Marcus Borg, Reading the Bible Again for the First Time (progressive).
Adam Hamilton, Making Sense of the Bible, or Richard Foster, Life with God: Reading the Bible for Spiritual Transformation (centrist).
Highly Recommended Website—The Bible Project: www.thebibleproject.com. Beautiful videos on each book of the Bible, themes, and words, most if not all posted on YouTube. They also have a podcast, audio devotions, and a reading plan that goes right into your email inbox!
Step 3: Figure Out How to Read It
Learn Devotional reading techniques like Lectio Divina, an ancient method of divine listening and meditation. During Lectio Divina, the practitioner listens to the text of the Bible with the "ear of the heart," as if he or she is in conversation with God, and God is suggesting the topics for discussion. The method of Lectio Divina includes moments of reading (lectio), reflecting on (meditatio), responding to (oratio) and resting in (contemplatio) the Word of God with the aim of nourishing and deepening one's relationship with the Divine.
Learn techniques for in-depth study. The Rev. Dr. Patricia Dutcher-Walls, professor of Old Testament at Vancouver School of Theology has put together a straight forward method. Email me if you’d like a copy, as we don’t have permission to circulate privately but not publish.
Step 4: Get Reading by Yourself (Good)
DON’T read from front to back. Often, people will just sit down and try to read the whole Bible. Things go fine until you hit Leviticus and get bogged down by details. If you’re starting out, I recommend reading Genesis, Exodus, and the gospel of Mark as an introduction, then gradually make your way through the rest.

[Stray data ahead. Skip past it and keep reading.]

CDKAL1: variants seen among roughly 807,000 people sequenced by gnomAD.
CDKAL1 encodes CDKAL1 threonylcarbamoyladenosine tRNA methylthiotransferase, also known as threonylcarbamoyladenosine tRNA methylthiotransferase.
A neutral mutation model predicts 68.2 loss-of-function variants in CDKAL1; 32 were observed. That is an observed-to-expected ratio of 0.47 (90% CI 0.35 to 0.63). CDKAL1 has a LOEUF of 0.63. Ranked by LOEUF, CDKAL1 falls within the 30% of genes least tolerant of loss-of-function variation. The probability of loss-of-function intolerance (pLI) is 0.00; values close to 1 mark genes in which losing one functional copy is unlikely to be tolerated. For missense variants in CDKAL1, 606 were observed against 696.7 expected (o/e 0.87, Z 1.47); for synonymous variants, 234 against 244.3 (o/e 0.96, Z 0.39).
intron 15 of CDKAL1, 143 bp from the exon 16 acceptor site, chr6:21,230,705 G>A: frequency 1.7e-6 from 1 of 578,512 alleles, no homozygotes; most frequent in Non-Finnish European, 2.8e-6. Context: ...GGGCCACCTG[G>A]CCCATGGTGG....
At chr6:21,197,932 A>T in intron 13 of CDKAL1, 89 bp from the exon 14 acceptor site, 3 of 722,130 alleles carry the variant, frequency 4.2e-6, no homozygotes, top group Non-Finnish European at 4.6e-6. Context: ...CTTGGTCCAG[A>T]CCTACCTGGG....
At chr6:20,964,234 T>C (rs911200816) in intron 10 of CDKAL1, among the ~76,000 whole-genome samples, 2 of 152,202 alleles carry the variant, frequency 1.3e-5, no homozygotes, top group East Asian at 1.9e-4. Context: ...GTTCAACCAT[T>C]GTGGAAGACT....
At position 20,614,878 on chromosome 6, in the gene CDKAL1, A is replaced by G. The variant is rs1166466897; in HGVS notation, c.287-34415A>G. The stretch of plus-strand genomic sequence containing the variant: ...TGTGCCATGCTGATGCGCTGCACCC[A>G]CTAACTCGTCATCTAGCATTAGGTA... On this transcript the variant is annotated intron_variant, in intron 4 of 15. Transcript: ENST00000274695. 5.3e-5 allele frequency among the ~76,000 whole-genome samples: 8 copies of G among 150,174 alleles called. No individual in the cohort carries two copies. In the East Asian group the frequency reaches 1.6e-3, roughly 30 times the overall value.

Read Sunday’s scripture ahead of time. Upcoming scripture passages are usually shared in the weekly email newsletter before they’re preached on Sunday. . Read devotionally or in-depth study, ask questions of the text as to meaning etc., email one of the ministers with questions or insights.
You can find the newsletter or sign up here.
Get a “read the Bible in one year” Bible, or find a reading plan. We have given the One Year Bible to new members before. The Bible Project has a simple plan here that goes along with their excellent videos.
Find a daily podcast, app or email devotional that incorporates scripture:
My favorite is pray-as-you-go.org, a Jesuit app/podcast that incorporates lectio with prayer and meditation.
UCC.org includes the United Church of Christ’s daily devotional, which has a scripture passage, meditation and prayer (UCCan’s sister denomination)
www.bibleinoneyear.org is from Nicky Gumbel, founder of the Alpha Course, who also has a Bible in One Year podcast/app
Step 5: Get Reading Together (Even More Good)
Meet a friend for coffee weekly/biweekly or monthly to discuss Sunday sermon/scripture
Join a Small Group focused on Bible Study - find St. George’s small groups here. There’s one on Job coming up!
Start a Small Group focused on Bible Study - Rev. Ryan will get you everything you need to start one. It’s easy, and there are simple curricula.
Start a Prayer Group that Uses Lectio Divina - Again, Rev. Ryan will get you everything you need to make it happen.
Start or join a longer term Bible Study - We have hosted long term Bible studies before (from 12-24-34 weeks). These groups are ideal for learning and spiritual growth. (i.e. Disciple, Covenant, Kerygma). The beauty of these is that everything is laid out for leaders and participants.